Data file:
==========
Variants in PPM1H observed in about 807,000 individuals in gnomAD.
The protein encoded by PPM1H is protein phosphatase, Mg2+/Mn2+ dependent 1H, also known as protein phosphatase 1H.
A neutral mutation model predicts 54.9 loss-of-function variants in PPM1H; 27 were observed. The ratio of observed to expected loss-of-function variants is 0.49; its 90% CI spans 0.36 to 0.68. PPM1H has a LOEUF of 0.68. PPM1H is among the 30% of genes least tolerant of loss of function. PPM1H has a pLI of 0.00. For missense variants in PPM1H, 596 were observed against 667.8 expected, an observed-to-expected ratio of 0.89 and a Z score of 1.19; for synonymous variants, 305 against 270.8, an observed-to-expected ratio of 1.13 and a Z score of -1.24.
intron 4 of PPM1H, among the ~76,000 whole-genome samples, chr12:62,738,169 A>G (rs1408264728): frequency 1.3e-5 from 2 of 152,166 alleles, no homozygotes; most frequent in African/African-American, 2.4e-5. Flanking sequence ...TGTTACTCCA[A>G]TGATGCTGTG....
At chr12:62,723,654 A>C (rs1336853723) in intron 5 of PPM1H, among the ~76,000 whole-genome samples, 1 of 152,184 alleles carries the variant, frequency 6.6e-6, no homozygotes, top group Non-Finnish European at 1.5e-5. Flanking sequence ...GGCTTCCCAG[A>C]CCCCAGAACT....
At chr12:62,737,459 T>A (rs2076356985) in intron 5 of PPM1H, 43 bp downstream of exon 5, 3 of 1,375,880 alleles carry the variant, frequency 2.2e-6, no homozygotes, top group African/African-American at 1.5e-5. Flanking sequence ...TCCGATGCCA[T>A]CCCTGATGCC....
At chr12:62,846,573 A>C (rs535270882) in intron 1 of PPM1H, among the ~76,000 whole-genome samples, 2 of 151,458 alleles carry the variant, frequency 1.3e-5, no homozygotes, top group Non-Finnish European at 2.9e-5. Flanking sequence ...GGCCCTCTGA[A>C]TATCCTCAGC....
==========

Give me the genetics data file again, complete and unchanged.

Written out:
Variants in PPM1H observed in about 807,000 individuals in gnomAD.
The protein encoded by PPM1H is protein phosphatase, Mg2+/Mn2+ dependent 1H, also known as protein phosphatase 1H.
A neutral mutation model predicts 54.9 loss-of-function variants in PPM1H; 27 were observed. The ratio of observed to expected loss-of-function variants is 0.49; its 90% CI spans 0.36 to 0.68. PPM1H has a LOEUF of 0.68. PPM1H is among the 30% of genes least tolerant of loss of function. PPM1H has a pLI of 0.00. For missense variants in PPM1H, 596 were observed against 667.8 expected, an observed-to-expected ratio of 0.89 and a Z score of 1.19; for synonymous variants, 305 against 270.8, an observed-to-expected ratio of 1.13 and a Z score of -1.24.
intron 4 of PPM1H, among the ~76,000 whole-genome samples, chr12:62,738,169 A>G (rs1408264728): frequency 1.3e-5 from 2 of 152,166 alleles, no homozygotes; most frequent in African/African-American, 2.4e-5. Flanking sequence ...TGTTACTCCA[A>G]TGATGCTGTG....
At chr12:62,723,654 A>C (rs1336853723) in intron 5 of PPM1H, among the ~76,000 whole-genome samples, 1 of 152,184 alleles carries the variant, frequency 6.6e-6, no homozygotes, top group Non-Finnish European at 1.5e-5. Flanking sequence ...GGCTTCCCAG[A>C]CCCCAGAACT....
At chr12:62,737,459 T>A (rs2076356985) in intron 5 of PPM1H, 43 bp downstream of exon 5, 3 of 1,375,880 alleles carry the variant, frequency 2.2e-6, no homozygotes, top group African/African-American at 1.5e-5. Flanking sequence ...TCCGATGCCA[T>A]CCCTGATGCC....
At chr12:62,846,573 A>C (rs535270882) in intron 1 of PPM1H, among the ~76,000 whole-genome samples, 2 of 151,458 alleles carry the variant, frequency 1.3e-5, no homozygotes, top group Non-Finnish European at 2.9e-5. Flanking sequence ...GGCCCTCTGA[A>C]TATCCTCAGC....